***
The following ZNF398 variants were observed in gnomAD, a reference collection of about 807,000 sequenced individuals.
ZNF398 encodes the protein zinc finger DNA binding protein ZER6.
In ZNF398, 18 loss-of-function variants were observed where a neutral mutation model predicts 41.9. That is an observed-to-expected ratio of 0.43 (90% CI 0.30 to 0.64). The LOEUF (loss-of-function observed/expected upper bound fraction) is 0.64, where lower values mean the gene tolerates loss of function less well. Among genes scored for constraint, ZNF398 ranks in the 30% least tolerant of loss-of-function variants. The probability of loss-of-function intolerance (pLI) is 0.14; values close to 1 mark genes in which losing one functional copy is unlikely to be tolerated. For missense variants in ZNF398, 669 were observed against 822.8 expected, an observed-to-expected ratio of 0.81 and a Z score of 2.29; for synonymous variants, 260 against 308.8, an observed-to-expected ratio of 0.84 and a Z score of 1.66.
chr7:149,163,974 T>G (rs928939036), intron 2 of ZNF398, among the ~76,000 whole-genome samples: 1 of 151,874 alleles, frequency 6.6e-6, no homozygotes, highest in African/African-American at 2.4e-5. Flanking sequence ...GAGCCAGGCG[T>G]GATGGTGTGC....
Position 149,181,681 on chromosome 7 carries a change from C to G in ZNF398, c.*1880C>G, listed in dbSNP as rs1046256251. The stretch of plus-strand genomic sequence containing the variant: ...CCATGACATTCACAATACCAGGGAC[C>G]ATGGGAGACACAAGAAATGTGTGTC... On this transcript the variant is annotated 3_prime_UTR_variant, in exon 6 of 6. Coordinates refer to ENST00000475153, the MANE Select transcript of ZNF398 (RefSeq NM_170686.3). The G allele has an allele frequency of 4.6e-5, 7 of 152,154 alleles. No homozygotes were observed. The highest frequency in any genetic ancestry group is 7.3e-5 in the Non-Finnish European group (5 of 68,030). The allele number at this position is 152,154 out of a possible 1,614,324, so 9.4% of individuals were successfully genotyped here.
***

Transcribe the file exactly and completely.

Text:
The following ZNF398 variants were observed in gnomAD, a reference collection of about 807,000 sequenced individuals.
ZNF398 encodes the protein zinc finger DNA binding protein ZER6.
In ZNF398, 18 loss-of-function variants were observed where a neutral mutation model predicts 41.9. That is an observed-to-expected ratio of 0.43 (90% CI 0.30 to 0.64). The LOEUF (loss-of-function observed/expected upper bound fraction) is 0.64, where lower values mean the gene tolerates loss of function less well. Among genes scored for constraint, ZNF398 ranks in the 30% least tolerant of loss-of-function variants. The probability of loss-of-function intolerance (pLI) is 0.14; values close to 1 mark genes in which losing one functional copy is unlikely to be tolerated. For missense variants in ZNF398, 669 were observed against 822.8 expected, an observed-to-expected ratio of 0.81 and a Z score of 2.29; for synonymous variants, 260 against 308.8, an observed-to-expected ratio of 0.84 and a Z score of 1.66.
chr7:149,163,974 T>G (rs928939036), intron 2 of ZNF398, among the ~76,000 whole-genome samples: 1 of 151,874 alleles, frequency 6.6e-6, no homozygotes, highest in African/African-American at 2.4e-5. Flanking sequence ...GAGCCAGGCG[T>G]GATGGTGTGC....
Position 149,181,681 on chromosome 7 carries a change from C to G in ZNF398, c.*1880C>G, listed in dbSNP as rs1046256251. The stretch of plus-strand genomic sequence containing the variant: ...CCATGACATTCACAATACCAGGGAC[C>G]ATGGGAGACACAAGAAATGTGTGTC... On this transcript the variant is annotated 3_prime_UTR_variant, in exon 6 of 6. Coordinates refer to ENST00000475153, the MANE Select transcript of ZNF398 (RefSeq NM_170686.3). The G allele has an allele frequency of 4.6e-5, 7 of 152,154 alleles. No homozygotes were observed. The highest frequency in any genetic ancestry group is 7.3e-5 in the Non-Finnish European group (5 of 68,030). The allele number at this position is 152,154 out of a possible 1,614,324, so 9.4% of individuals were successfully genotyped here.